As we age it’s highly important to maintain your fitness for optimum health and wellbeing. While it’s easy to become complacent, staying active can minimise the risk of cardiovascular disease, obesity-related illnesses and cancer. Of course, there are certain types of exercises which are more beneficial than others. Read below to see our top 3 fitness options to help with healthy ageing.

Yoga, Tai Chi or Pilates

Maintaining balance and coordination are essential throughout our lives. Even if you aren’t trying to be a world-class athlete, balance and coordination assist you with daily activities and keep you on your feet – literally! There have been many studies describing the link between improved balance and a reduction in the risk of falls in advanced age.

Yoga, Tai Chi and Pilates all engage your core and work to improve your general balance and stability. If you aren’t sure how to incorporate these exercises into a workout, a good option is to try one of our Les Mills BodyBalance fitness classes. Body Balance combines Yoga, Tai Chi and Pilates to strengthen your core and improve general balance all in one. BodyBalance is the perfect fitness class for ageing bodies as it’s gentle on the joints while still challenging your muscles and mind.

Strength Training

As we age our muscle strength and mass declines, particularly after the age of 50. We lose 1% – 2% of our muscle mass each year, which is why it’s a good idea to replace this loss with weights and resistance training. We also tend to lose muscle strength by around 1.5% per year between ages 50 and 60, and by around 3% per year after that. If you’re keen to get started, fitness classes such as Body Pump and CXWorks are great options for people unsure of how to plan their own strength and resistance workout.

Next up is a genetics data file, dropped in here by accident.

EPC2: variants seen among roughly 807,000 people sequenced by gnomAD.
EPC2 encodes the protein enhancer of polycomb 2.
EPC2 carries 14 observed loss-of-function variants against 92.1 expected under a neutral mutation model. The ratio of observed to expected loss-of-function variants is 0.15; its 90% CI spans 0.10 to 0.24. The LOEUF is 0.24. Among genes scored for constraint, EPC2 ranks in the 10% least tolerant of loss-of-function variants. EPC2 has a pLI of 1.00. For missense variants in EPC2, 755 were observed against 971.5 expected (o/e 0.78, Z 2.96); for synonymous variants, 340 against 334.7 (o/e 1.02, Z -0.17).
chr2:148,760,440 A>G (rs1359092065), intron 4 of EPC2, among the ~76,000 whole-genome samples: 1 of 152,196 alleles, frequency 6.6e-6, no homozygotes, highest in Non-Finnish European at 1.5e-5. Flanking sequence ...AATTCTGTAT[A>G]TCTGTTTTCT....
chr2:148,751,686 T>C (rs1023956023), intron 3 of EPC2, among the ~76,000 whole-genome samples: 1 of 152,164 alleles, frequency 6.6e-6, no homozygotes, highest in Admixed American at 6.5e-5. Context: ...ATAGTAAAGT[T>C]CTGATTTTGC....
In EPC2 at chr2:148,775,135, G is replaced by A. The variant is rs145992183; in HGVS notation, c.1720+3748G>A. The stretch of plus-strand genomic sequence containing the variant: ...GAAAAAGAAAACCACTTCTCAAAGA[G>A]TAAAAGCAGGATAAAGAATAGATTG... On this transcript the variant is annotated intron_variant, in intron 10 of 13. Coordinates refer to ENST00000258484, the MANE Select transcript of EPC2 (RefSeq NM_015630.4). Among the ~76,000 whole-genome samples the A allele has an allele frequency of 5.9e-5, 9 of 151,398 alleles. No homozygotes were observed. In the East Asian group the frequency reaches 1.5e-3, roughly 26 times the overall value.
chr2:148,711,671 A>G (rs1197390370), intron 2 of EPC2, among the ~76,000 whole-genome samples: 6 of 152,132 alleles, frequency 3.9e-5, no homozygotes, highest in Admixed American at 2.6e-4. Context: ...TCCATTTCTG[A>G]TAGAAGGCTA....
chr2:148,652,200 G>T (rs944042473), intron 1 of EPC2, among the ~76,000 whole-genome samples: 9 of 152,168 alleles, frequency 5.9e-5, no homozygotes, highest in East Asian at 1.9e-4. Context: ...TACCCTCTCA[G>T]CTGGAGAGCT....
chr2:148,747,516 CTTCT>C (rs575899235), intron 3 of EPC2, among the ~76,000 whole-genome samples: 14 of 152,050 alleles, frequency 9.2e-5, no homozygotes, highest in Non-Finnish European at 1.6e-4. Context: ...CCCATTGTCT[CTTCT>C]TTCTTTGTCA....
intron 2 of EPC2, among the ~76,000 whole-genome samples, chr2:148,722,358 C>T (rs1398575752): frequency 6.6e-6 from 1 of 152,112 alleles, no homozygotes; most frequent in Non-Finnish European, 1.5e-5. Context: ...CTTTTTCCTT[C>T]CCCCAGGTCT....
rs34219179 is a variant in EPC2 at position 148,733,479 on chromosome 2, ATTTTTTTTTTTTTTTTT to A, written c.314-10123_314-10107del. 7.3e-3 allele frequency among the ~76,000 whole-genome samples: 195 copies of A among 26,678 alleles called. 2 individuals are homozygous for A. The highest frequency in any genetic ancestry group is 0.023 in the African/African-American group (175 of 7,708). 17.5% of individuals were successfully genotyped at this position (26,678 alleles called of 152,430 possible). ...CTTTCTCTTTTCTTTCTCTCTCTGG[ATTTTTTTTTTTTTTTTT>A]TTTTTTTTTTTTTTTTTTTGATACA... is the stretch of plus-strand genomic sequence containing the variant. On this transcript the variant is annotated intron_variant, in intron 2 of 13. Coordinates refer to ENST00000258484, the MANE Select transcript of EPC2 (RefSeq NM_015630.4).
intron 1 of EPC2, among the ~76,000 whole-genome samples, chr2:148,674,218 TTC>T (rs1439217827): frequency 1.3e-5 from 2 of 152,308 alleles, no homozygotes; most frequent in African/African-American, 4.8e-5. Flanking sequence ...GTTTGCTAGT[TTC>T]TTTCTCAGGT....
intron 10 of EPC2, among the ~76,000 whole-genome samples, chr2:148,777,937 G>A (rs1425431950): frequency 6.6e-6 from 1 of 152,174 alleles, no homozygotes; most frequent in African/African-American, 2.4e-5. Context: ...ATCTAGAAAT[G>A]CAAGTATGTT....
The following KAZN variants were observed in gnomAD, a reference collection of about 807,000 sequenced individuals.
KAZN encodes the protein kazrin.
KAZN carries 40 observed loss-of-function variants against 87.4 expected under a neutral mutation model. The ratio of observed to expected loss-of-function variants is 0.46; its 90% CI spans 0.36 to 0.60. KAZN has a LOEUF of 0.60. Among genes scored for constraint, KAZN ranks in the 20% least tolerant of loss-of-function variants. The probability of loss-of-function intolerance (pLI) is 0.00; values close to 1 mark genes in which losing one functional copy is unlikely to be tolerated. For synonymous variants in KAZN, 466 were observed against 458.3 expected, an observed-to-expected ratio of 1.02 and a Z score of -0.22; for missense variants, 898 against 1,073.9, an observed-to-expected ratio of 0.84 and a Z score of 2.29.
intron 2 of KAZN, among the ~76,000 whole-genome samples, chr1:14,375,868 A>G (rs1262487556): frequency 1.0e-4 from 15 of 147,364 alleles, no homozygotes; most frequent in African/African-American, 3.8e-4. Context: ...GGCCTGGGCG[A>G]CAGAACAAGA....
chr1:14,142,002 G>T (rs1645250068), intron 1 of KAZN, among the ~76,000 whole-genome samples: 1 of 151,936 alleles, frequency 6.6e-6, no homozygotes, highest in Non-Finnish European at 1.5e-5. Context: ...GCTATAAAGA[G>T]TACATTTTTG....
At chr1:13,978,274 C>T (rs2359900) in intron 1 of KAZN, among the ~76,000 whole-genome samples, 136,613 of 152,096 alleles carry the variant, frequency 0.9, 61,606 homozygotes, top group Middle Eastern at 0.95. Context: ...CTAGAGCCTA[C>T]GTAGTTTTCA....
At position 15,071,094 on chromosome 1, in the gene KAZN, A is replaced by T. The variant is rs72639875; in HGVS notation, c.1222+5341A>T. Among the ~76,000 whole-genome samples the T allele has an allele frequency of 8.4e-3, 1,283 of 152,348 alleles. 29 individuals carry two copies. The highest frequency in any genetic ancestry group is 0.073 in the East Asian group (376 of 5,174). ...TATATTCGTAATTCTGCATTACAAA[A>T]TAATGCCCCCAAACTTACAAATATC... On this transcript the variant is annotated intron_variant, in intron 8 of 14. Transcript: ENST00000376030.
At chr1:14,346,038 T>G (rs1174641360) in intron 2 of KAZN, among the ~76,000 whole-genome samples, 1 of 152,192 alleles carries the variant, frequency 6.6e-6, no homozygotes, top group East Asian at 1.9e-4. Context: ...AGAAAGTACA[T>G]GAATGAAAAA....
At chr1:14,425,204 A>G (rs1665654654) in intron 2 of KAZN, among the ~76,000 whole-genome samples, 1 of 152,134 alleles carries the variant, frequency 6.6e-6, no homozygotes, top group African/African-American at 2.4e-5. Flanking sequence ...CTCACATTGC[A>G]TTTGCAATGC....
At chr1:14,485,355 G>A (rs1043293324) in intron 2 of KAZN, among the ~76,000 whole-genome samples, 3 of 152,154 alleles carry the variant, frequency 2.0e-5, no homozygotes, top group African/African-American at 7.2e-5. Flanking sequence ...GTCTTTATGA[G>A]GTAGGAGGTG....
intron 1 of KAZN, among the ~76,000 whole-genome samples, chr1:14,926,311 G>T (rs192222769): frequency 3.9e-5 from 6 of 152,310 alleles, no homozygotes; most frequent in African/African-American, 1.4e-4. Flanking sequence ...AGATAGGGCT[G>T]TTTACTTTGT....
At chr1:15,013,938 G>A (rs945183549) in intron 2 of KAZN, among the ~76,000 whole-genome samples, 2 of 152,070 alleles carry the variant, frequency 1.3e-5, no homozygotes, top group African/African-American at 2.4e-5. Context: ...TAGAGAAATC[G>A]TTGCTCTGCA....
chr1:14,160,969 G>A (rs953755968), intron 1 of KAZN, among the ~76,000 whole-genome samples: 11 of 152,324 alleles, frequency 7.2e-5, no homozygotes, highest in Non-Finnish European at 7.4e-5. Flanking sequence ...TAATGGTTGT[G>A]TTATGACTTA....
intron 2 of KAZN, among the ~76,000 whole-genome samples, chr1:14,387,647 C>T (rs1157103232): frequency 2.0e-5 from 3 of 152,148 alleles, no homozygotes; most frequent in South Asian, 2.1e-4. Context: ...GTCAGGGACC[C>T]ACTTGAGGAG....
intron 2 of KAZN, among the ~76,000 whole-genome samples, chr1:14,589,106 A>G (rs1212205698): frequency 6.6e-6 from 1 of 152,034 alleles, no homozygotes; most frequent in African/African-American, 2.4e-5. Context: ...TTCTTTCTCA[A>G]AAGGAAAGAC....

High-Intensity Interval Training (HIIT)

Scientific research suggests HIIT can actually slow the ageing process. If that doesn’t inspire you then I’m not sure what will! Regular HIIT is great for reversing the declining ability of our cells to generate energy. HIIT involves short bursts of very intense activity, combined with recovery periods of lower-intensity exercise. Scientists at the Mayo Clinic assigned groups of people aged between 65 and 80 to three months of interval training, weight training or a combination of the two. Muscle biopsies were taken before and afterwards to measure the impact on their bodies. Interval training boosted the ability of the mitochondria within cells to generate energy by 69 per cent in the older volunteers! If you need help with putting together a HIIT workout you can schedule an appointment with one of our personal trainers, or attend one of our RPM or Body Attack fitness classes.

It’s never too late to work on your body and health. Linking up with a personal trainer can be a great motivator as well as set you on the right track for optimum results so you’re feeling and looking your very best. If you think you need some assistance with your workouts, or if you don’t even know where to begin, please get in touch so we can assist you with your needs.